The sympathetic image of Tibetans gets a frank readjustment in “Kekexili: Mountain Patrol,” a tough, Western-flavored, true-life yarn about antelope poaching in the region of Kekexili, the last remaining virgin wilderness of Greater China. Exquisite to behold and with a stimulating storyline that mixes guns with ecological consciousness, pic is a considerable change of pace for director Lu Chuan (“The Missing Gun”) but could cross distribution borders on the strength of co-producer Col Asia’s coin and its appeal to the same niche audience captivated by “Himalaya.” Pic won the Special Jury Prize at Tokyo fest.
Antelope poachers kidnap and execute a member of the Tibetan posse that was trying to capture them. A voiceover by Beijing photojournalist Ga Yu (Zhang Lei) and on-screen titles inform that the Tibetan antelope population plummeted from 1 million to 70,000 in five years, the animals’ woolen coats making them a prime target for rustlers.
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In 1996, Ga Yu recruits the resourceful Ritai (Duobujie), a maverick who set up a private mountain patrol three years earlier, to accompany the posse on its mission. The drama unfolds over 17 days, with the journo witnessing the ruthlessness of the profiteers, and the patrol of volunteers combating their merciless adversaries and a frequently dangerous landscape. Pic also astutely notes the compromises by failed farmers and others who are caught in the middle of the struggle due to their own economic precariousness.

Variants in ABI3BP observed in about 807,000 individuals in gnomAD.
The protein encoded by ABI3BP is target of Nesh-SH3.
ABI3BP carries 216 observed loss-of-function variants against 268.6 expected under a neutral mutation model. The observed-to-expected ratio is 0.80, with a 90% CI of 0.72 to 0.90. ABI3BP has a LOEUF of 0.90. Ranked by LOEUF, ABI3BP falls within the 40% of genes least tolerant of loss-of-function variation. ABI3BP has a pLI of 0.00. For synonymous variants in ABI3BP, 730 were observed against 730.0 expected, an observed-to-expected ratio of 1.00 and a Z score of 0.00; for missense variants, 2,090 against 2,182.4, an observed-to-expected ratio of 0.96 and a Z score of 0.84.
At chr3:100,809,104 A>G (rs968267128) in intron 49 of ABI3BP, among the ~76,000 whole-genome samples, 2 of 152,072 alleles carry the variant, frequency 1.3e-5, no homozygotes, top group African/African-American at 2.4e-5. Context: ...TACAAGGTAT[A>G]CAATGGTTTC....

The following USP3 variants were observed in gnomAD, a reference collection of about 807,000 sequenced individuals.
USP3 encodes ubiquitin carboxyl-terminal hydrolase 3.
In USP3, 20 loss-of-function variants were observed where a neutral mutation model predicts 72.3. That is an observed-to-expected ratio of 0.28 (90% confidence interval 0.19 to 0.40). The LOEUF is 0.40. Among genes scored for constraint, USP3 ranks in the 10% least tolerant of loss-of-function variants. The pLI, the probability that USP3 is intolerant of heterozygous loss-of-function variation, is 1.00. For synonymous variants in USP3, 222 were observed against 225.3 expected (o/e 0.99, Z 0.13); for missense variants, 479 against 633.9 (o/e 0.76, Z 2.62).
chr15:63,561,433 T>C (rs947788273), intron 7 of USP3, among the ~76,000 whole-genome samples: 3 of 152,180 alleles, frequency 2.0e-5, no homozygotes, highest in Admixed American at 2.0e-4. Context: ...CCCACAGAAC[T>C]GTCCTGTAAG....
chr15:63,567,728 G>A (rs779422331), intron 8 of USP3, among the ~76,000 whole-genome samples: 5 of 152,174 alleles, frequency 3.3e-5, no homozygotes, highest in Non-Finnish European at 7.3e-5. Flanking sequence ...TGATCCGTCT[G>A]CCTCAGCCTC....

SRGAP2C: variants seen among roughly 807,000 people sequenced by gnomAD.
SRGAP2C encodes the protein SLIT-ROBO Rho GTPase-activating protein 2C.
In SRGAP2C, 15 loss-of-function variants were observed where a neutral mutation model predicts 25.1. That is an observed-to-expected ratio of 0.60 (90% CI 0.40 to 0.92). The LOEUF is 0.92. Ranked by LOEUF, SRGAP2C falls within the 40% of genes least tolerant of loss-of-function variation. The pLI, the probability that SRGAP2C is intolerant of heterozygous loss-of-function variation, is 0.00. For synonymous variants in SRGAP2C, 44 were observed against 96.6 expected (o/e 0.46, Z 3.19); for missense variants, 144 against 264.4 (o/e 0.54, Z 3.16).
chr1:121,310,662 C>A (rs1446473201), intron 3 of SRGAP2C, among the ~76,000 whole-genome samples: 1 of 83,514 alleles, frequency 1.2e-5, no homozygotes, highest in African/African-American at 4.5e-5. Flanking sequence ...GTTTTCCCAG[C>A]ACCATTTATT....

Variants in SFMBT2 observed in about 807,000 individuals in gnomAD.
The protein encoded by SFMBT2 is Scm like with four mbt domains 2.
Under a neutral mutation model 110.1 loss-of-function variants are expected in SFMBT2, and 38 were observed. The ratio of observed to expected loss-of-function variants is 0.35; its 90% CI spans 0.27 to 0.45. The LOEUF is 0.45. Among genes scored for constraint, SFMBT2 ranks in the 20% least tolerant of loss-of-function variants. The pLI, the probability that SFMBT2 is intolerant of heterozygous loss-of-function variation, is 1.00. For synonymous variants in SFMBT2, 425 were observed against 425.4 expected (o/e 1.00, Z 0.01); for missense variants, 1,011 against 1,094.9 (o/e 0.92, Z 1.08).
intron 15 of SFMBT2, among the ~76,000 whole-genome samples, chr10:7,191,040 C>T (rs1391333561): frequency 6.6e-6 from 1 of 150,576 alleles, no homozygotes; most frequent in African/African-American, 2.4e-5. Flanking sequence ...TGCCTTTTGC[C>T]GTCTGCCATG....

End titles report that the patrol was eventually superceded by a government initiative after a newspaper article by the real-life Ga Yu in 1997 created an uproar. The antelope population has since increased.
Commanding every moment he’s on screen, hard-faced Duobujie is outstanding as patrol leader Ritai. Zhang is also effective as the journalist who risks his life for the story of a lifetime. Supporting perfs are mainly by non-pros. Although most of their lapses in talent appear to have been edited out, their mistakes tend to add rather than detract from the realism.
With a very different style from the musicvid-like restlessness of his previous pic, Lu reveals a photographer’s eye for powerful images and iconic faces. In tandem with talented lenser Cao Yu, he takes full advantage of the awesome Tibetan landscape and the vivid colors worn by locals.
Other tech credits are strong, including some CGI to create dust and snow storms. Extensive music by Lao Zai, which uses local folk traditions, will warm the hearts of world music enthusiasts.